When she came back to him she was smiling. "Have you ever begun to think of what you will do when you are well?" she said.

"I am thinking of it always," he answered. "I make wonderful pictures for myself sometimes. You are the central figure of them all."

She clasped his hand again in hers. "Lucas," she said, "will you take me away?"

"Yes, dear," he said.

"Far away from anywhere I have ever been before?" Her voice shook a little. "I want to begin life over again where everything is new."

A certain shrewdness gleamed in the steady eyes that watched her, but it was mingled with the utmost kindness.

"I guess I'd better show you my best picture right now," he said. "It's got a steam yacht in it, and a state cabin fit for a queen. And it goes rocking around the world, looking for the Happy Islands. I guess we shall find them some day, sweetheart--maybe sooner than we think."

"Ah, yes," she said. "We won't stop looking till we do. How soon shall we start, Luke?"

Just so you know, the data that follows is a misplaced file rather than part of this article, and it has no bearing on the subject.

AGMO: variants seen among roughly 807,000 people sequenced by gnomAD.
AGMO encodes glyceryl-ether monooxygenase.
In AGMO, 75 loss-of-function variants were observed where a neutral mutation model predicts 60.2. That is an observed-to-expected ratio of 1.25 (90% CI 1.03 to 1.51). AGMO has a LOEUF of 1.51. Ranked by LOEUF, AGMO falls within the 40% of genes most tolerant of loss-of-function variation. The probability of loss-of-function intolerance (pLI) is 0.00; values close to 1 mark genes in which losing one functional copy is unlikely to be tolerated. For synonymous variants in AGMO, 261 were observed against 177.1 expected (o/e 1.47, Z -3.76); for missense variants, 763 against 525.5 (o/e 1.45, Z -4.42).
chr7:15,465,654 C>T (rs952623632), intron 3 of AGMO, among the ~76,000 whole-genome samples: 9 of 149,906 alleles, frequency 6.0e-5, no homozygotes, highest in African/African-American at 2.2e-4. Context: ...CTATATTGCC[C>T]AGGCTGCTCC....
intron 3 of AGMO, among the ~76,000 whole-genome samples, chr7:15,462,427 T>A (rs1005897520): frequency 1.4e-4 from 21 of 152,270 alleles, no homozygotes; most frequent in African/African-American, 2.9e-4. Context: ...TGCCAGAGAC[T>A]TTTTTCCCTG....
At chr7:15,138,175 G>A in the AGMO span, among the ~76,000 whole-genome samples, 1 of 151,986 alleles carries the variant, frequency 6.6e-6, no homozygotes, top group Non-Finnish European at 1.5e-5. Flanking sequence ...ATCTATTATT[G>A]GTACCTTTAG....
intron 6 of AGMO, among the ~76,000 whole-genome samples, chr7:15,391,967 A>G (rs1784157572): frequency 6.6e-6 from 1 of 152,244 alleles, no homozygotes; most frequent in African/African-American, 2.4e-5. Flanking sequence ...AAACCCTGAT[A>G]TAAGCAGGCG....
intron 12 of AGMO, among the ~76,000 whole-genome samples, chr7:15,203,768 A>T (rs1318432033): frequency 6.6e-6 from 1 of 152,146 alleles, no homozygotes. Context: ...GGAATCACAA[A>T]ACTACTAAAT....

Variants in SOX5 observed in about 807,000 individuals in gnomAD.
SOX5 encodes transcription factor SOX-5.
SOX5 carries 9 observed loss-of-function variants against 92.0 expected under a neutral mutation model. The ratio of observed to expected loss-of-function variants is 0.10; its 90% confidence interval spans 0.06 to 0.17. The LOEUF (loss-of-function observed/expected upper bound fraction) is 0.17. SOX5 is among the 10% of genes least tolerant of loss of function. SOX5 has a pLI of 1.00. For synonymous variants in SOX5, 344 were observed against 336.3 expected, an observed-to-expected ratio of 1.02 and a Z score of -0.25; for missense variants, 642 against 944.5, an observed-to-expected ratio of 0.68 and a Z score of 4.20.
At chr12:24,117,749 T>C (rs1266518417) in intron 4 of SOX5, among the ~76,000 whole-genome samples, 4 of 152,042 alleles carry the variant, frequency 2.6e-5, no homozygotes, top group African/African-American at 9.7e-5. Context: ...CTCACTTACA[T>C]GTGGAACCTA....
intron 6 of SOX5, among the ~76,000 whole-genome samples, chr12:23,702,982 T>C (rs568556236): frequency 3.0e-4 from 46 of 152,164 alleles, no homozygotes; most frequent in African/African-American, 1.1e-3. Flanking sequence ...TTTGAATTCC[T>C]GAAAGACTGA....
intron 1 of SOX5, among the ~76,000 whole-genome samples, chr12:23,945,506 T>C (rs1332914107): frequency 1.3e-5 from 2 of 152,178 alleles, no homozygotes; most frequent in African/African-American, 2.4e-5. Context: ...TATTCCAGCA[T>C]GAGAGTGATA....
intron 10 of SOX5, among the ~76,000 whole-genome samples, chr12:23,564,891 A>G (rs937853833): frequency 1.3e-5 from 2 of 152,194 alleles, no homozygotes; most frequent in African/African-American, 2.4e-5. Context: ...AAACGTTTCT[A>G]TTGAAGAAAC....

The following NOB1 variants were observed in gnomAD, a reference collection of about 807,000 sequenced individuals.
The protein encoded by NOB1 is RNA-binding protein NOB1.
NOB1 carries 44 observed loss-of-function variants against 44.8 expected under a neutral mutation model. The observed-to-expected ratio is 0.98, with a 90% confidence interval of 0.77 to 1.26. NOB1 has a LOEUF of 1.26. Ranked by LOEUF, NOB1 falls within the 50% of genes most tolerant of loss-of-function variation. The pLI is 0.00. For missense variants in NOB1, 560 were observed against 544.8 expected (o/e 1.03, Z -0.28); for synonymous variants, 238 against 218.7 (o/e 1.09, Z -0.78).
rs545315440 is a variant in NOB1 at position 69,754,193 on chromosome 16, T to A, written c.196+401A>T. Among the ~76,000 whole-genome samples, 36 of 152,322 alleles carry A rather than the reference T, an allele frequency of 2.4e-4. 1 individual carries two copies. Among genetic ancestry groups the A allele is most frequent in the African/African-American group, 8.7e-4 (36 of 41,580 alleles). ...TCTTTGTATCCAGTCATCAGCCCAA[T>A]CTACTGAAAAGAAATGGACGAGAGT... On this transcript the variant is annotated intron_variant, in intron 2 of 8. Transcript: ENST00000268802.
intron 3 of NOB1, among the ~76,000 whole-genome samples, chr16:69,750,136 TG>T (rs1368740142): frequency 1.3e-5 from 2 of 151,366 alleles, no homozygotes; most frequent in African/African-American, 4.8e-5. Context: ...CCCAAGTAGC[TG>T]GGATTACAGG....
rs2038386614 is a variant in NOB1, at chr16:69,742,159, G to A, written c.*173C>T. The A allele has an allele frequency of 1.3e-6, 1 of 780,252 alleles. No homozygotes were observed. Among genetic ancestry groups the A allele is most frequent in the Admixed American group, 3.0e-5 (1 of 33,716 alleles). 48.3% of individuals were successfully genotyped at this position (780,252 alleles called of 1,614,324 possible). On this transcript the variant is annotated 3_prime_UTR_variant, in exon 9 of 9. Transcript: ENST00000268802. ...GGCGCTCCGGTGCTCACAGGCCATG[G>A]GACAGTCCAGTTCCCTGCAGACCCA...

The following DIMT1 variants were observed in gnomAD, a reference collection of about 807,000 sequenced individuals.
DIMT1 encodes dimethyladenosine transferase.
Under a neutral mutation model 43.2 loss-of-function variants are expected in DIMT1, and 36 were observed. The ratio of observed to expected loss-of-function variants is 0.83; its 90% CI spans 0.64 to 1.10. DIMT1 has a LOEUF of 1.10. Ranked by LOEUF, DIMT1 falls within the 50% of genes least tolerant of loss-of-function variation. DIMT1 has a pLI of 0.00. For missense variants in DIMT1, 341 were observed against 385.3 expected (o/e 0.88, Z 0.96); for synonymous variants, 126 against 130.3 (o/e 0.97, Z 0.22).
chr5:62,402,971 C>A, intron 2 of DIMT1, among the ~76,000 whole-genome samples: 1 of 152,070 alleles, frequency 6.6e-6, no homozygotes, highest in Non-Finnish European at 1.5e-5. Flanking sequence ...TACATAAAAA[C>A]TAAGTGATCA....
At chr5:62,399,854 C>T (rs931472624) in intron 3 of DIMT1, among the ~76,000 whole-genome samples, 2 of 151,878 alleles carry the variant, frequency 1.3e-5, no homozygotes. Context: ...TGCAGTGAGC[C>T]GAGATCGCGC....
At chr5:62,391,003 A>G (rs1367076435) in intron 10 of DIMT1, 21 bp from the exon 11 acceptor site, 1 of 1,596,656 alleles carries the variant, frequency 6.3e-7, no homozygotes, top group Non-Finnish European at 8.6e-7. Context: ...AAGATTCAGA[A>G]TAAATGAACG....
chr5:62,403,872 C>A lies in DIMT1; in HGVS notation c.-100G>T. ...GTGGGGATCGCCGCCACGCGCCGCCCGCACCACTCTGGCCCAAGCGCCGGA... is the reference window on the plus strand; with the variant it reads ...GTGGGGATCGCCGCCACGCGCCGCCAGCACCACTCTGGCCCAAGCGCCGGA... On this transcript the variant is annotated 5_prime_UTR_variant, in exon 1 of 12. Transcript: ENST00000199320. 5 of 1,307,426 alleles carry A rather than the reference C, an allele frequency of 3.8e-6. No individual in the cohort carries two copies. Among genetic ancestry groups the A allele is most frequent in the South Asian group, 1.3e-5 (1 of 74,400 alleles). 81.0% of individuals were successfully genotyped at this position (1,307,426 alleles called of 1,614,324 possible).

He answered her with a smile, but there was a thrill of deep feeling in his words. "Just as soon as I can stand on my feet like any other man, Anne, and hold the woman I love in my arms."

She bent her face suddenly, pressing her cheek to the hand she held. "I am ready for you when ever you will," she murmured.

"I know it," he said. "And God bless you for telling me so!"

He was full of kindness to her that day, and she thought him cheerier than he had been all the winter. When she bade him good-bye that afternoon he seemed in excellent spirits. Yet after she was gone he lay for a long while staring at the specks of dust that danced in a shaft of sunlight, with the air of a man seeking the solution of a problem that baffled him. And once very suddenly he sighed.

Anne went through the ordeal of publicity with less embarrassment than she had anticipated. Mrs. Errol was with her, and she was surrounded by friends. Even Major Shirley deigned to look upon her with a favourable eye. Bertie was hunting, but Dot was present to view the final achievement of her favourite scheme.

She seized the first opportunity to slip her arm through Anne's. "Do--do come home with me to tea," she whispered very urgently. "I want to show you some things I have been making. And make the dear mater come too, if someone else doesn't snap her up first."

But the dear mater was already snapped up, and Anne had some difficulty in avoiding a like fate.

Eventually, however, she succeeded in making her escape, and she and Dot drove back to the Dower House, congratulating themselves.

"I am lucky to get you all to myself," Dot said. "And do you know, dear Lady Carfax, you are looking simply lovely to-day?"